Web 2.0 business models


Web 2.0 is a hot topic, is this and that and all together as one. A technological and social shift defined by a manifesto that was published by Tim O’Reily that offers examples on how web technologies enable the change and makes a prediction on the obsolescence of traditional software development. Google is currently working on a Web based OS, it’ll come and probably the web will be called web 3.0 by the time applications will all run on the network rather than on PC, showing user created content and being improved by users and developers together rather than software companies. For some related thinking read my “Web 2.0 for rookies” article.

Web 2.0 has siblings, like “Enterprise 2.0”. “We’re using Enterprise 2.0 as short hand for blogs and wikis behind the firewall. But that’s entirely too limiting,” said Andrew McAfee, associate professor of Harvard Business School, “We have not yet seen all the neat things that will go on inside enterprises.”. Jobster CEO Jason Goldberg concludes that “Web 1.0 was all about getting things online. Web 2.0 is going the next step and making it work,” with sites, he said, that are “created by the people, for the people every day.”. Web 2.0 and it’s implications for enterprises is still on debate.

The truth is that if you need information while you study at some university, you’ll find it on the university site. And yet the student community events are on somebody’s blog or a student community site or even on MySpace and you need to visit that. Add healthcare questions and math club meetings or student discount store and you end up having a dozen sites to visit before you are ready to start the day knowing enough to be efficient about it. Now just imagine what a ”community site” would do in this situation where users add the required content if it’s missing, along with a story on how to go about the subject. A forum is good but the business model is not forum like, it’s integrating a variety of services that meet community needs. That triggers a Web 2.0 business model.

The new web companies move on a totally different path than the dotcom business model. The model is to capitalize on user-generated content. Digg, Facebook, Photobucket, Zillow, PickPal and YouTube, to name a few, are open houses that facilitate work from anywhere and are basically cheap to start-up compared to the dotcom million dollar launch model that provides closed portals (providing a huge amount of information but incapable to grow with each visitor).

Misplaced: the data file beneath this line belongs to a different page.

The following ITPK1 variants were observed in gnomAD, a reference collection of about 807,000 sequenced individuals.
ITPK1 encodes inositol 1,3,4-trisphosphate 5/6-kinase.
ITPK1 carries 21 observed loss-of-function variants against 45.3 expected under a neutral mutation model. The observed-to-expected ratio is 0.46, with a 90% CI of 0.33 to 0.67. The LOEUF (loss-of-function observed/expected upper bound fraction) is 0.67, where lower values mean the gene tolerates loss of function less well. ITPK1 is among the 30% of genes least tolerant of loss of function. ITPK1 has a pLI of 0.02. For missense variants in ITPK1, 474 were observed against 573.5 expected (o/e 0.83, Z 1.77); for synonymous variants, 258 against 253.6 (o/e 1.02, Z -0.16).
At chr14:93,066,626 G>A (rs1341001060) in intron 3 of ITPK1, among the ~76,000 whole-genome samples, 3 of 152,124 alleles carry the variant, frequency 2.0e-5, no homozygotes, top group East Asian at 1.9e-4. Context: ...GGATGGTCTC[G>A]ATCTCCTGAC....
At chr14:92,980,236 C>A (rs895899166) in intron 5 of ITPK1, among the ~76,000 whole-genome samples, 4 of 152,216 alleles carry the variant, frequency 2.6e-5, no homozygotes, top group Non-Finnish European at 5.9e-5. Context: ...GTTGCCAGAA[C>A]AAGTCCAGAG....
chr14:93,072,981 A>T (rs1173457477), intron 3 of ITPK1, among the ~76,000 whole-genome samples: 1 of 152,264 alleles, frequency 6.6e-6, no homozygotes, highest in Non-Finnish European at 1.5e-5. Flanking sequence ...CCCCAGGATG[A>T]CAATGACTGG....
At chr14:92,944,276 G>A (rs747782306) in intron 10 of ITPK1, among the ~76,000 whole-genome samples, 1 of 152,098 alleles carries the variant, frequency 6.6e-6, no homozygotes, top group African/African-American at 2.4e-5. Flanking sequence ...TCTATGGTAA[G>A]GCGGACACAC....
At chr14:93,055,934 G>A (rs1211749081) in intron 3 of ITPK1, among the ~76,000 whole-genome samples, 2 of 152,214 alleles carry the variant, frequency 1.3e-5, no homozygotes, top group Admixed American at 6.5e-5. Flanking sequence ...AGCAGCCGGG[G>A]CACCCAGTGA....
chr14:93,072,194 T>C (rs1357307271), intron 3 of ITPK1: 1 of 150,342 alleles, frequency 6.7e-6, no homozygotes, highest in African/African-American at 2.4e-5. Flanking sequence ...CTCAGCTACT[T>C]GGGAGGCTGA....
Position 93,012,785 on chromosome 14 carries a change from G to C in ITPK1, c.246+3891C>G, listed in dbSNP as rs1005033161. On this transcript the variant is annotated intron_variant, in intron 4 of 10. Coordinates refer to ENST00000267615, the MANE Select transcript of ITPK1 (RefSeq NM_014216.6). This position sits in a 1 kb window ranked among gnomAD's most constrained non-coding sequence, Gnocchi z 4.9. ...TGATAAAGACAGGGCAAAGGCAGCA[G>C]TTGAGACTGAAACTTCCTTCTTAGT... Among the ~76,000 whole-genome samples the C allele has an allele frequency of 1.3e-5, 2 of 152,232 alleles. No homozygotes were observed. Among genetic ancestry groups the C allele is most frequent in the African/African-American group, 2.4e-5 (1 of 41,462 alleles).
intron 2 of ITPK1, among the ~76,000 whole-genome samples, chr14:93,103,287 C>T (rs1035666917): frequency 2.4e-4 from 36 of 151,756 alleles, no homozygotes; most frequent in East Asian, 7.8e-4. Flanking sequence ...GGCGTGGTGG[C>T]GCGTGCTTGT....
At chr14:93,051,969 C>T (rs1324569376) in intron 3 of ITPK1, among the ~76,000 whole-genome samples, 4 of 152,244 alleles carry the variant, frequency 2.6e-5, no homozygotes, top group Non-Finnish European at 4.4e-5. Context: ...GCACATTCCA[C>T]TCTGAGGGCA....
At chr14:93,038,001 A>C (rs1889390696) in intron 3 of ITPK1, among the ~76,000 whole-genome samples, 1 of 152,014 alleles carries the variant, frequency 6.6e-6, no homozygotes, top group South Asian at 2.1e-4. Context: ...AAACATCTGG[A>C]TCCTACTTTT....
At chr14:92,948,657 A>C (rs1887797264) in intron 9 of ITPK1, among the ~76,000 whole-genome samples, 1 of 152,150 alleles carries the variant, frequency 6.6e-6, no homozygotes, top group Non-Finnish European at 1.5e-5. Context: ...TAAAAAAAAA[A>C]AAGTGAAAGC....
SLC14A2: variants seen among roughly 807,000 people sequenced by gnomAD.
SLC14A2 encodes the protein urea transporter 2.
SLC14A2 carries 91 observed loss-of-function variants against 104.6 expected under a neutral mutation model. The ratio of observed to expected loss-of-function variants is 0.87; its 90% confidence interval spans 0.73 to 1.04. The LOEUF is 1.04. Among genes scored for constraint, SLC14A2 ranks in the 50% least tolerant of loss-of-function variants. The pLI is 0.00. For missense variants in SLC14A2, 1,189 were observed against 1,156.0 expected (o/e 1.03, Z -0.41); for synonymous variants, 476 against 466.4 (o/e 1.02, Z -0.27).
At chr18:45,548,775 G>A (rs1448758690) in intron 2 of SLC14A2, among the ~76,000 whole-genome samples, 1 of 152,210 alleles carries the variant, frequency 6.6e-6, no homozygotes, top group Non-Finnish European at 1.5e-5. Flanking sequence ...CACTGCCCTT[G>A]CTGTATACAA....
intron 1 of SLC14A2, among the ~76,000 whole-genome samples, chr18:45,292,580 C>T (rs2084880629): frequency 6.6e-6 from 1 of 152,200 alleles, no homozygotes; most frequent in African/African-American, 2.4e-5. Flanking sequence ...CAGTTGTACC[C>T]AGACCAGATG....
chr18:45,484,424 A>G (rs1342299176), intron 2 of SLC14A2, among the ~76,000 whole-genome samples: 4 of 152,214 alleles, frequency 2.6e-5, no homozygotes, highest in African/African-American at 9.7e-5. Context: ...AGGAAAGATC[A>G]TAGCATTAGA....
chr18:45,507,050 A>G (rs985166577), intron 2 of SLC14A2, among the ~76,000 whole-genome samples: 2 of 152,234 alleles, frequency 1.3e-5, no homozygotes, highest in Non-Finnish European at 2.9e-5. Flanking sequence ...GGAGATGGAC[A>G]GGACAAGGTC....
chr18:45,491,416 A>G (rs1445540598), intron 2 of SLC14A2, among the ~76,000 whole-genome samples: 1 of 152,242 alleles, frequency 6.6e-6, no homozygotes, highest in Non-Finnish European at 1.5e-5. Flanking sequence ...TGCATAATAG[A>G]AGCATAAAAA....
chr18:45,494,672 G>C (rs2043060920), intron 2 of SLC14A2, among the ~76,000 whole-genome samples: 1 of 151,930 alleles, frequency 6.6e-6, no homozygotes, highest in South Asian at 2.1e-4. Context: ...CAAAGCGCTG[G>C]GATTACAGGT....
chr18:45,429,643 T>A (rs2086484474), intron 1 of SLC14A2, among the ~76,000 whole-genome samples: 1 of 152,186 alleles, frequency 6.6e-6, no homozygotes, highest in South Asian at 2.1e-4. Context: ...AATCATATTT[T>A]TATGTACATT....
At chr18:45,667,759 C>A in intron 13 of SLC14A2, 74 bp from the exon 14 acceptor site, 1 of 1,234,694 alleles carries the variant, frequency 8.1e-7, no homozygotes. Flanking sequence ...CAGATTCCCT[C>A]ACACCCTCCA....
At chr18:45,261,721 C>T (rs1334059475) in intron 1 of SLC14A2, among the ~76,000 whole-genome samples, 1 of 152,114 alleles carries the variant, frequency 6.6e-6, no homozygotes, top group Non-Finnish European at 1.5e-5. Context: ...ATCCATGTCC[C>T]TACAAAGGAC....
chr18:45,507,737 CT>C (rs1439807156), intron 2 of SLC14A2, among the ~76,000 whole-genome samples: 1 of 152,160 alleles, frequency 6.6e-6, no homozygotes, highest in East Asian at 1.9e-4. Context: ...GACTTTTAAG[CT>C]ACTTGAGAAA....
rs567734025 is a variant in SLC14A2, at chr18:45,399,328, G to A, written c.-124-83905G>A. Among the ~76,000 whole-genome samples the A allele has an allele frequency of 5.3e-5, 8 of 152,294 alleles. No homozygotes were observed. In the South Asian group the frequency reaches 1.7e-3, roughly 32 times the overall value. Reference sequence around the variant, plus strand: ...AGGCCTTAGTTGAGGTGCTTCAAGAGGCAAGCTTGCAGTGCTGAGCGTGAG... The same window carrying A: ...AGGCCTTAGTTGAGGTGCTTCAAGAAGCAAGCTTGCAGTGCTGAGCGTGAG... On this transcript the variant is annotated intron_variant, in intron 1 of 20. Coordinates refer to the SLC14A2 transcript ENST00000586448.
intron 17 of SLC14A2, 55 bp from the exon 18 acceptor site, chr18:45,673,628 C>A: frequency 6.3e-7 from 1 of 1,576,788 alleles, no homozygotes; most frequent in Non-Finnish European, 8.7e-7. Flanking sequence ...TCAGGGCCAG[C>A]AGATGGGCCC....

“Web 2.0 is really the acceleration of transformation,” Andrew McAfee said “It’s not that users got smarter or more social. It’s that technologists figured out what consumers wanted.”

Social networking: Bringing it all together is one of the Web 2.0 business models generating a cascading effect based on user generated content and user interaction. Metcalfe’s law comes into play here: “the total value of the service is roughly proportional to the square of the number of customers’ utilizing the service”. If a user using Freewebs cannot connect to another using Facebook, it will switch. But what users can do, is syndicate their content. And for the users that can syndicate their content (MySpace users can not), tightly integrated API’s are available enabling marsh-ups.

Pay per use: Developing the compelling value innovative solution is another business model that applies to this wave of web companies. The service is free but for the killer feature you need to pay. It’s the software as a service model and the revenue comes from a critical mass of users willing to pay a reasonable price that supports it all. It also pays itself from partnerships. Those services are also publicised by users on social networking sites and the technology provided is reusable and expandable with users help. Flickr is a perfect example for this category.

In both these models, the product the company brings to the web is technology and this is used to generate the business value. In both cases the user generates its content (photos on Flickr, articles on Blogspot …) and they all interact. None of these companies have a “product” per-se, they don’t sell a CD or a book or a car, and yet they act like hubs and the revenue comes from partnerships, advertising, content … and the list can go on, I just leave it up to you to add to it.